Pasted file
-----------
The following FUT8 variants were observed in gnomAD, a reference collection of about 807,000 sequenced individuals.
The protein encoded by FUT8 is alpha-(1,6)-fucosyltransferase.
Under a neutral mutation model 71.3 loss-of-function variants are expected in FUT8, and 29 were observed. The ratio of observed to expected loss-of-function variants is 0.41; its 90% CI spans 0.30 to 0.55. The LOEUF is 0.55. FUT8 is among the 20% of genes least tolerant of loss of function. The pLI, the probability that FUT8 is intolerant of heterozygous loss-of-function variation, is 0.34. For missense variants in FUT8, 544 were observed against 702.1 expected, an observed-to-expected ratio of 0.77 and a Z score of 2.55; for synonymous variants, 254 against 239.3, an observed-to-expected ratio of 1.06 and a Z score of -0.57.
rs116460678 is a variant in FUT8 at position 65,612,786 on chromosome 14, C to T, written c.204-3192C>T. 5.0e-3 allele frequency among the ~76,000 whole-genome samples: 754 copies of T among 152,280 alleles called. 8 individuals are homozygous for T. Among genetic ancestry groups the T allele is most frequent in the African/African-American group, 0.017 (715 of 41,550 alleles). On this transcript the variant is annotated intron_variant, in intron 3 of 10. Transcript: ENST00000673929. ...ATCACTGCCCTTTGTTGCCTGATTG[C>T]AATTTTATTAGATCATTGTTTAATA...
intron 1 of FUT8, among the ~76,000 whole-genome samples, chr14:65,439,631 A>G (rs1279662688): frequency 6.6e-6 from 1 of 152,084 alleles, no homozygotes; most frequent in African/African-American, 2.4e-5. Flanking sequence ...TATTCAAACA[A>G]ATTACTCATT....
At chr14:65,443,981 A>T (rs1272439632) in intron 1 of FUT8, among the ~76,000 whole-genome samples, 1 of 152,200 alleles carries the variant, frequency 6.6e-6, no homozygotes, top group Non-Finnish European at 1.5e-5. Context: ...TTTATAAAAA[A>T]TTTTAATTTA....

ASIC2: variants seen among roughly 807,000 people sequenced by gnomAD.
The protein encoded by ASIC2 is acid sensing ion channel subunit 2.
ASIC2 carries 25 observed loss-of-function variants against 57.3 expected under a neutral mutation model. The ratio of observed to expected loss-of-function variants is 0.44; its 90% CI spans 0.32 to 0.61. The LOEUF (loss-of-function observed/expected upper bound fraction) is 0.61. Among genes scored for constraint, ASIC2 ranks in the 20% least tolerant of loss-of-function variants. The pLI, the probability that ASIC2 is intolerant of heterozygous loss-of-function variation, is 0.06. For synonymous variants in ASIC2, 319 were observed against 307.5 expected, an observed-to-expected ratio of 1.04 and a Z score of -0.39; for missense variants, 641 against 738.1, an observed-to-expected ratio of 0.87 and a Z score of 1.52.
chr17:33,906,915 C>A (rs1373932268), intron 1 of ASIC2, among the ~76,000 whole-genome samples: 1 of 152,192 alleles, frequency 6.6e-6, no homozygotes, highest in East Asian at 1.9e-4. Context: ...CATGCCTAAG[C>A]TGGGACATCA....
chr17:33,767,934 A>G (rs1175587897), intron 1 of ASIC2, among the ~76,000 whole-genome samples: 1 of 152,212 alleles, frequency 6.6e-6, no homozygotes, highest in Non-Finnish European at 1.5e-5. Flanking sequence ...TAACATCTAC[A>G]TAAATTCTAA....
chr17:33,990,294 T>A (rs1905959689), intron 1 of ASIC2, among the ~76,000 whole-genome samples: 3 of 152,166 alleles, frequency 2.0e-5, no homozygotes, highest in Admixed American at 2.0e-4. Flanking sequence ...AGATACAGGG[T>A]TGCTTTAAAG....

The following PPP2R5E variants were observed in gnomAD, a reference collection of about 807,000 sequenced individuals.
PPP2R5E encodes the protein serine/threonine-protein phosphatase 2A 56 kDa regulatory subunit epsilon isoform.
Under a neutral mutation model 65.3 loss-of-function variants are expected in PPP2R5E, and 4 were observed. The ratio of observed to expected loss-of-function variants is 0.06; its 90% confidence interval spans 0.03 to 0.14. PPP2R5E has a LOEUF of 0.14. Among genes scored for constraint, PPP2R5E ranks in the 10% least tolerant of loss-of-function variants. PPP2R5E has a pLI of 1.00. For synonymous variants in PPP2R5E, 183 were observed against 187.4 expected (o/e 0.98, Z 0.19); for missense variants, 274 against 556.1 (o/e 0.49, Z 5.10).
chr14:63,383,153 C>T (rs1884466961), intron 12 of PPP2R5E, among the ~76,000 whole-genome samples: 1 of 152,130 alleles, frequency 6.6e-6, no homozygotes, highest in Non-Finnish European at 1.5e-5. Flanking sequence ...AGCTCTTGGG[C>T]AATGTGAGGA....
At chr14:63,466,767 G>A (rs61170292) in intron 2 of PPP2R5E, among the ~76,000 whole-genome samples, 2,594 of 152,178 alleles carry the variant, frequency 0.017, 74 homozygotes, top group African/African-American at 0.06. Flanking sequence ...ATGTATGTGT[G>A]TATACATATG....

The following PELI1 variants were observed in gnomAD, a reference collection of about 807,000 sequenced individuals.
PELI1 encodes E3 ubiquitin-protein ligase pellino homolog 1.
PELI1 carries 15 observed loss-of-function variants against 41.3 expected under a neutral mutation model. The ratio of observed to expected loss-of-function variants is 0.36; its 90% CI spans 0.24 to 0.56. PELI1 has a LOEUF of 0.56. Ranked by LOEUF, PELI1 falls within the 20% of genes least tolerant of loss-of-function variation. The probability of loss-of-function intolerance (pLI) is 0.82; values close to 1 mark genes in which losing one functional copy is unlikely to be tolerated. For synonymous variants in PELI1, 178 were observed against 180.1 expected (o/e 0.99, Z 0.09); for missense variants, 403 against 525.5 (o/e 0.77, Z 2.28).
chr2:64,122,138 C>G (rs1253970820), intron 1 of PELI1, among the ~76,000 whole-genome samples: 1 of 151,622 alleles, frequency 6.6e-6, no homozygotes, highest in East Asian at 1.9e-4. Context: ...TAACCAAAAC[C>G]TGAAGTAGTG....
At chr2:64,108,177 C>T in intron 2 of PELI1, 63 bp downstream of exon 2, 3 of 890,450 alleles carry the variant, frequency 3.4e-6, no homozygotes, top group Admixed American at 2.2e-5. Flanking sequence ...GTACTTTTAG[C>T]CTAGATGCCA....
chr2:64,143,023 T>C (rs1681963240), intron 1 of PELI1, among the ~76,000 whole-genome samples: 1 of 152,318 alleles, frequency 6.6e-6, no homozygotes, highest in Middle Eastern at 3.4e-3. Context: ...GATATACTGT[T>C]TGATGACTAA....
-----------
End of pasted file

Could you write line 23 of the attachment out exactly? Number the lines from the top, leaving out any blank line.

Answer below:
chr2:64,143,023 T>C (rs1681963240), intron 1 of PELI1, among the ~76,000 whole-genome samples: 1 of 152,318 alleles, frequency 6.6e-6, no homozygotes, highest in Middle Eastern at 3.4e-3. Context: ...GATATACTGT[T>C]TGATGACTAA....